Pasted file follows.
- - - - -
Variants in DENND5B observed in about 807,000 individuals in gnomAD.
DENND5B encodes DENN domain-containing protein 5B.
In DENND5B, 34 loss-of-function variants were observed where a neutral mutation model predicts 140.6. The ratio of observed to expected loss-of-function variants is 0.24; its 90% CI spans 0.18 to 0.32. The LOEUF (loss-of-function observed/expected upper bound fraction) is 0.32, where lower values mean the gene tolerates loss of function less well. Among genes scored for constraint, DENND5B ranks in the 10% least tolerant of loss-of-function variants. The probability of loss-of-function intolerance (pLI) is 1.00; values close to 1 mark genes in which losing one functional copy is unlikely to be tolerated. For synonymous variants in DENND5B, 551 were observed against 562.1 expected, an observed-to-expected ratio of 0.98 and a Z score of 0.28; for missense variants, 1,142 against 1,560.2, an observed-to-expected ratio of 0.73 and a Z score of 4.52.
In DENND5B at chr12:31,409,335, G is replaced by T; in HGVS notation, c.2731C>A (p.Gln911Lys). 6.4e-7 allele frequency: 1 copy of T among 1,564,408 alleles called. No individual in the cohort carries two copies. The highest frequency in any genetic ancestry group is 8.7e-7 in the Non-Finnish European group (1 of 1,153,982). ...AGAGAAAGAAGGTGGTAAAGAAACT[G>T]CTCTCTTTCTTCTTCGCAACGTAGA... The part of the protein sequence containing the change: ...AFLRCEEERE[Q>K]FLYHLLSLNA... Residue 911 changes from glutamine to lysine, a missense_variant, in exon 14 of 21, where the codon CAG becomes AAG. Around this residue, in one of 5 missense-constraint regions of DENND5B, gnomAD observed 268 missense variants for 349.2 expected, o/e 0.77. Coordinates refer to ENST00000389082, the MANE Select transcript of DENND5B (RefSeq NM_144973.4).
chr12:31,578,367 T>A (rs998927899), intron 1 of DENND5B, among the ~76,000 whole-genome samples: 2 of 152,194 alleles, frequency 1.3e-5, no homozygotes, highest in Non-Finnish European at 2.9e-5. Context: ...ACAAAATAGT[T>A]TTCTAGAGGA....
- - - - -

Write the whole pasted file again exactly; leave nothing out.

Variants in DENND5B observed in about 807,000 individuals in gnomAD.
DENND5B encodes DENN domain-containing protein 5B.
In DENND5B, 34 loss-of-function variants were observed where a neutral mutation model predicts 140.6. The ratio of observed to expected loss-of-function variants is 0.24; its 90% CI spans 0.18 to 0.32. The LOEUF (loss-of-function observed/expected upper bound fraction) is 0.32, where lower values mean the gene tolerates loss of function less well. Among genes scored for constraint, DENND5B ranks in the 10% least tolerant of loss-of-function variants. The probability of loss-of-function intolerance (pLI) is 1.00; values close to 1 mark genes in which losing one functional copy is unlikely to be tolerated. For synonymous variants in DENND5B, 551 were observed against 562.1 expected, an observed-to-expected ratio of 0.98 and a Z score of 0.28; for missense variants, 1,142 against 1,560.2, an observed-to-expected ratio of 0.73 and a Z score of 4.52.
In DENND5B at chr12:31,409,335, G is replaced by T; in HGVS notation, c.2731C>A (p.Gln911Lys). 6.4e-7 allele frequency: 1 copy of T among 1,564,408 alleles called. No individual in the cohort carries two copies. The highest frequency in any genetic ancestry group is 8.7e-7 in the Non-Finnish European group (1 of 1,153,982). ...AGAGAAAGAAGGTGGTAAAGAAACT[G>T]CTCTCTTTCTTCTTCGCAACGTAGA... The part of the protein sequence containing the change: ...AFLRCEEERE[Q>K]FLYHLLSLNA... Residue 911 changes from glutamine to lysine, a missense_variant, in exon 14 of 21, where the codon CAG becomes AAG. Around this residue, in one of 5 missense-constraint regions of DENND5B, gnomAD observed 268 missense variants for 349.2 expected, o/e 0.77. Coordinates refer to ENST00000389082, the MANE Select transcript of DENND5B (RefSeq NM_144973.4).
chr12:31,578,367 T>A (rs998927899), intron 1 of DENND5B, among the ~76,000 whole-genome samples: 2 of 152,194 alleles, frequency 1.3e-5, no homozygotes, highest in Non-Finnish European at 2.9e-5. Context: ...ACAAAATAGT[T>A]TTCTAGAGGA....